On the other hand, traditional dietary restrictions tend to be seen by children as unpleasant and unfair. Children should never be “put on a diet.” They should be given wholesome, nutritious food. If possible, the adults in charge should never make an issue of limiting fats and sugars, even as they are doing so. By simply providing delicious, nutritious meals and snacks, adults can limit empty calories and fat calories in a reasonable way without making the obese child feel penalized. Obviously, occasional treats must be enjoyed, especially in social situations. If everyone else at the party is eating birthday cake and ice cream, this is not the time for denial.
Good nutrition is essential for optimal growth and development in childhood. A diet based on the Food Pyramid that contains 30 percent of its calories from fat appears to be adequate for normal growth. Children who are only moderately overweight may “grow into” their weight, using some of their stored energy for growth.2
Adult role models: Walk your talk
Children learn more by example than by instruction in the early years. When parents and caregivers model healthful exercise and eating habits, these habits trickle down to the children under their care. During the early years, parents and caregivers also set the rules and buy the food, and can take advantage of their station to lovingly promote healthful lifestyles (I’m the mommy, that’s why.). A helpful household rule can be that all eating is done while seated at the meal table. This eliminates mindless snacking in front of the television. Portions can be given on plates; this helps prevent the whole bag of chips from being consumed in one sitting.2 Limiting television time is common among many families.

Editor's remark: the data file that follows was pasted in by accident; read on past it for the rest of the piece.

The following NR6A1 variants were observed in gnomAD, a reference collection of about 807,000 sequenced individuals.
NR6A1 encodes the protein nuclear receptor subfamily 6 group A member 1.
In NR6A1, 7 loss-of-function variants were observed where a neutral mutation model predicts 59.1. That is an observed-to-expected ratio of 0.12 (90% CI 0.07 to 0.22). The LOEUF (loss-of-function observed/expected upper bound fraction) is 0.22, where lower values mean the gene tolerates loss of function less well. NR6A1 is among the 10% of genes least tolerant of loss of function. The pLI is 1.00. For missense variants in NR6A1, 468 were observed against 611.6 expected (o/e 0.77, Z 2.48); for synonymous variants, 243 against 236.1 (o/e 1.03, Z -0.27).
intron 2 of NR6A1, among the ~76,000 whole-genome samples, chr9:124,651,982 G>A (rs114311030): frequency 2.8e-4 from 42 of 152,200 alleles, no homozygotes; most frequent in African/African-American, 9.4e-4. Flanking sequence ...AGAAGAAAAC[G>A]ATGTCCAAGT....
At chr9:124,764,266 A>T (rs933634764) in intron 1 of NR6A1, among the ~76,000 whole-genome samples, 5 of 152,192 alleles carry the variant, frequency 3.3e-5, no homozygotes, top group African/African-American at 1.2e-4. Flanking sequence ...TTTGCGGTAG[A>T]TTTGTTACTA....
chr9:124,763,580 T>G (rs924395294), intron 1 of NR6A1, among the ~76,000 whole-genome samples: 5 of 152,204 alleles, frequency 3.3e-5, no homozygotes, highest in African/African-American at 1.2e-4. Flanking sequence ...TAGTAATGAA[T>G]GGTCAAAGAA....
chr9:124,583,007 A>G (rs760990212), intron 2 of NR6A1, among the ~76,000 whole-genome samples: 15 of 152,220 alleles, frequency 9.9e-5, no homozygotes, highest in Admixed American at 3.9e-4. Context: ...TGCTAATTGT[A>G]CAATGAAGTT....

Most important of all are the caregivers’ attitudes toward exercise, food and weight, not to mention life in general. Young children seem to have a sixth sense in this regard. If you are looking forward to your morning walk, they want to come along with you. If you are stressed out about your weight, children will sense the problem. No words need to be spoken.
Obese children often have parents who are struggling with weight problems themselves. These struggles can spill over into the child’s life; parents want children to succeed where they themselves have failed. Weight control issues take on a larger, more emotional meaning as children try desperately to meet the expectations of the parents they love. It is unfortunate that in our culture thinness symbolizes goodness, so overweight children begin to believe that fatness means they are not good. Parents and caregivers must fight this powerful cultural message that can be so harmful to a child’s fragile self-esteem. Body size and goodness must be separate issues.
For many parents and caregivers, food symbolizes love. After all, giving food is part of nurturing. Some parents express their love by giving high-fat treats. It is possible, however, to show love in other ways. Give hugs and kisses, spend time with the child doing something you both enjoy, develop a hobby together. You can deny treats without denying love.